Exploring Ubud

Whilst planning our trip to Bali we had looked into exploring Ubud, a typical tourist hotspot. Every day when we stepped outside our hotel we would be instantly greeted with shouts of ‘transport? Transport?!’ from various local drivers. Just to be on the safe side, we decided to book our Ubud driver through our concierge. We hired a driver for half a day which gave us 6 hours with him. Initially I was worried that this wouldn’t be enough time to explore but we found that it was plenty long enough, especially in the Indonesian heat.

Nothing was too much trouble for our driver Made (pronounced Maddy). He recommended all sorts of places for us to stop off in, whilst happily telling us about his life and his family.

Tegenungan Waterfall

We first hopped out at Tegenungan Waterfall, as per Made’s advice. From afar it was pretty impressive, but after a long and steep climb down we discovered how breathtaking it really was. It would be a great place to spend a whole day cooling off, but we had plenty more stops to make. Warning – the climb back up is even longer and steeper!


The Monkey Forest

A very bizarre maze of trees and temples where monkeys have total freedom. It was here I discovered my phobia of monkeys, which was possibly the worst place I could have chosen to figure this out. These strange human like creatures run around jumping on each other, eating, playing and doing whatever else monkeys do. Mike (my partner in crime) completely loved it and even paid for bananas so that the monkeys would climb all over him, plucking the bananas from his hands! Each to their own. I think it’s safe to say that the monkey forest is an interesting place and definitely a unique experience, but it certainly isn’t somewhere I’ll rush back to!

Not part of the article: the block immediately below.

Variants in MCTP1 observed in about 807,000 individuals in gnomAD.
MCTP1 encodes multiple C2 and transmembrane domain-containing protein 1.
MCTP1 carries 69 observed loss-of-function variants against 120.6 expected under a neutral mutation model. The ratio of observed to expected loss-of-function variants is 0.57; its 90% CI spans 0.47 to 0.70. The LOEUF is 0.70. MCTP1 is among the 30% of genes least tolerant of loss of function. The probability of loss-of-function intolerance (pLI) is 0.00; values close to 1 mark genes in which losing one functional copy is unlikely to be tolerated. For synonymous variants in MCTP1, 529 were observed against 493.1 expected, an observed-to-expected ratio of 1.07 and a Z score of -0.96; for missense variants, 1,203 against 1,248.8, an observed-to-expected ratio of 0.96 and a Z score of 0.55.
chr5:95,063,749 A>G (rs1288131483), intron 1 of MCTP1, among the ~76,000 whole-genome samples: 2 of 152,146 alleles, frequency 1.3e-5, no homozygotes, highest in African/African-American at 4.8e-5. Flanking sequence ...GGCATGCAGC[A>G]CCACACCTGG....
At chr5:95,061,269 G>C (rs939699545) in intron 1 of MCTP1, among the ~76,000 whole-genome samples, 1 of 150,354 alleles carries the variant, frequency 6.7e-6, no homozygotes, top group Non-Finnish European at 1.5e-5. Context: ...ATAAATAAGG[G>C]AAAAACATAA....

Tegalalang Rice Terraces

Glad to be back in the safety of Made’s car, we were whisked off for lunch to a place of his choosing. Best lunch spot ever! Not only was it the best meal we had eaten so far, but the views overlooking the rice terraces were incredible. The beauty of the luscious landscape surrounding us was almost overwhelming; a definite must-see. You could also wander through the rice terraces if you had more time, but we still had a lot to see that day.

Goa Gajah Elephant Cave

Probably our least favourite place of the day, but we didn’t give it much of a chance. When you first arrive outside the entrance the are numerous stalls offering to sell you sarongs, as your knees must be covered to go inside this sacred place. Do not buy from the stalls! Once you step towards the actual entrance there are plenty of sarongs that you can borrow for free and return on your way out. The elephant carvings on the entrance to the cave were detailed and impressive, but there wasn’t much else to look at. There was a pretty little pond and you could walk up further than we did, but we were so hot and tired by this point that we decided to move on. Personally I feel that if you skipped this spot, you wouldn’t be missing much.


Batuan Temple

Our final stop of the day was the Batuan Temple. We weren’t sure if we had the stamina to wander around here, until we arrived and saw how beautiful it was. Definitely worth a visit and it will only cost you a donation once you leave. We took plenty of photos here and enjoyed how intricate and colourful everything was. It was the perfect way to end a very busy, tiring, wonderful day.


Do you have any places to recommend in Ubud? I would love to hear about them in the comments!

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